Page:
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Integrated Mine Action: A Collective Approach to Mine Awareness

An Interview with Andy Wheatley, Community Liaison Manager, Mines Advisory Group (MAG) by Margaret Busé, MAIC

How did MAG get started with integrated mine action?

AW: MAG was started in 1991 by Rae McGrath, our first executive director, who undertook a mine assessment in Afghanistan, which eventually led to the creation of the U.N. Angola program. Much of the initial work that MAG actually was involved in the early days was assessments, surveys and getting information on the mine threat facing communities out into the open. Information gathering and dissemination of the impact of mines on civilians was considered as important as landmine removal at that time. MAG produced a joint report with Human Rights Watch in 1992 on the impact of landmines on civilians in Somalia, which focused on the mine threat there. In terms of programs, our first clearance and mine awareness programs were Northern Iraq, beginning in 1991, and Cambodia and Angola in 1992.

Survey and data gathering in Angola.

photo c/o Sean Sutton/MAG

What did your full-scale programs involve?

AW: Programs today follow an integrated approach wherever possible, with much stress placed initially on comprehensive information gathering and analysis. Community liaison teams gather information in order to understand clearly the nature of the mine threat, what assistance and how work should be prioritized. Those same teams are also involved in mine awareness and educational activities. No two countries are the same in the nature of the threat and how we respond to that threat, and that goes for both the mine awareness and the clearance side, as well. The issues for us are trying to minimize the distinction between the data gathering and mine awareness work on the one hand and then the clearance side on the other. We are aiming for combined, integrated small teams that are multi-disciplined and then can pick up on a variety of functions.

Are your teams comprised of researchers, deminers, and mine awareness people?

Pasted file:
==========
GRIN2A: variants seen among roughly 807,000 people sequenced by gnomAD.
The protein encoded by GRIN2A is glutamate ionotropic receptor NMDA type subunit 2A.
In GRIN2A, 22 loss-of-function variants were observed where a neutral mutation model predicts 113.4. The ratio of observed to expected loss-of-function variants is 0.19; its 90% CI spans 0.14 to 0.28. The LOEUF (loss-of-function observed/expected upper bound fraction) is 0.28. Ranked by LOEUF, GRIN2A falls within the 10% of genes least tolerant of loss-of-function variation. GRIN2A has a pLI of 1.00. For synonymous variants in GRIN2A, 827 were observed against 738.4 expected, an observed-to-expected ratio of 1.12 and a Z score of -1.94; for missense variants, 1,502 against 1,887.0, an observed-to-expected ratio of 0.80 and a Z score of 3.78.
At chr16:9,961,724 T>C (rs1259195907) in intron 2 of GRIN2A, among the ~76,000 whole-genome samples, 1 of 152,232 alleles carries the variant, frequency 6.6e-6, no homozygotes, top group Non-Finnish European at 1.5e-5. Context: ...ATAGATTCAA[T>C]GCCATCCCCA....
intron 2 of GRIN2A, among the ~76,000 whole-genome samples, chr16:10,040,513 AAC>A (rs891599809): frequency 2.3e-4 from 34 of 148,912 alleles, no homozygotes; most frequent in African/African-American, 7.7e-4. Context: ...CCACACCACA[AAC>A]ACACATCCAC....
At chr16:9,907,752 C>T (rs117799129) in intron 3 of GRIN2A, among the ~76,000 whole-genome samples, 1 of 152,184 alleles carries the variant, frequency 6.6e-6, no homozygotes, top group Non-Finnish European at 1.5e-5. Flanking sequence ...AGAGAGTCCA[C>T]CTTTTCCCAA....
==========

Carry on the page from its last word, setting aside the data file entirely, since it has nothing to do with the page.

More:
AW: Yes, the approach outlined shows how we are trying to pioneer MATS and Mine Action Teams, which are made up of 13 to 14 people. These teams would include maybe eight or nine deminers, a driver, a medic, a team leader and one or two community liaison specialists, and those teams will be very much self-supporting. Staff in those teams will have the capacity to undertake information gathering, mine field survey activities, marking and clearance activities. MAG has learned the hard way that the community liaison and clearance teams need to work closely together or the quality of the work suffers.

What about the attitude held by many demining organizations that you can't do everything well and some aspect, if not many aspects of mine action will not be successful in they are integrated?

AW: I think that is true to a point, but the work of NPA and HI have shown that mine action can at times combine well with wider humanitarian goals of rehabilitation of infrastructure or victim assistance. MAG will listen to communities needs and try and respond to that. The key is to listen to what you are being told by the communities and be guided by their needs. There are always requests, which MAG will not be able to respond to for a variety of reasons, in which case we will try and pass these requests on to other organizations. But, sometimes there are areas, outside of the immediate humanitarian mine action sphere, that MAG may be flexible enough to respond to, like assistance with EPI programs or logistical assistance or rehabilitation of water points or schools, for example.

Integrated mine action team ready to deploy.

photo c/o Sean Sutton/MAG

Has the MAT team approach been successful?

AW: Yes, it is how we operate in Angola and Cambodia. It pays dividends. What I have been saying so far has come from what MAG has learned through successfully operating teams. It works it's efficient and its effective. It may not work in certain circumstances. There will also be sites, which require an alternative approach, the use of mechanical clearance or dogs for instance. We see success on the ground and it results in a safer environment for the community. Just asking people about their environment, where they work, where they play, can give quick results.

Where does mine awareness fit in?

AW: I think it is central, certainly a cornerstone. I don't think many people will claim mine awareness is an answer for the long term, but most recognize that mine awareness in the short term saves lives.

What type of mine awareness tools and educational materials does MAG use?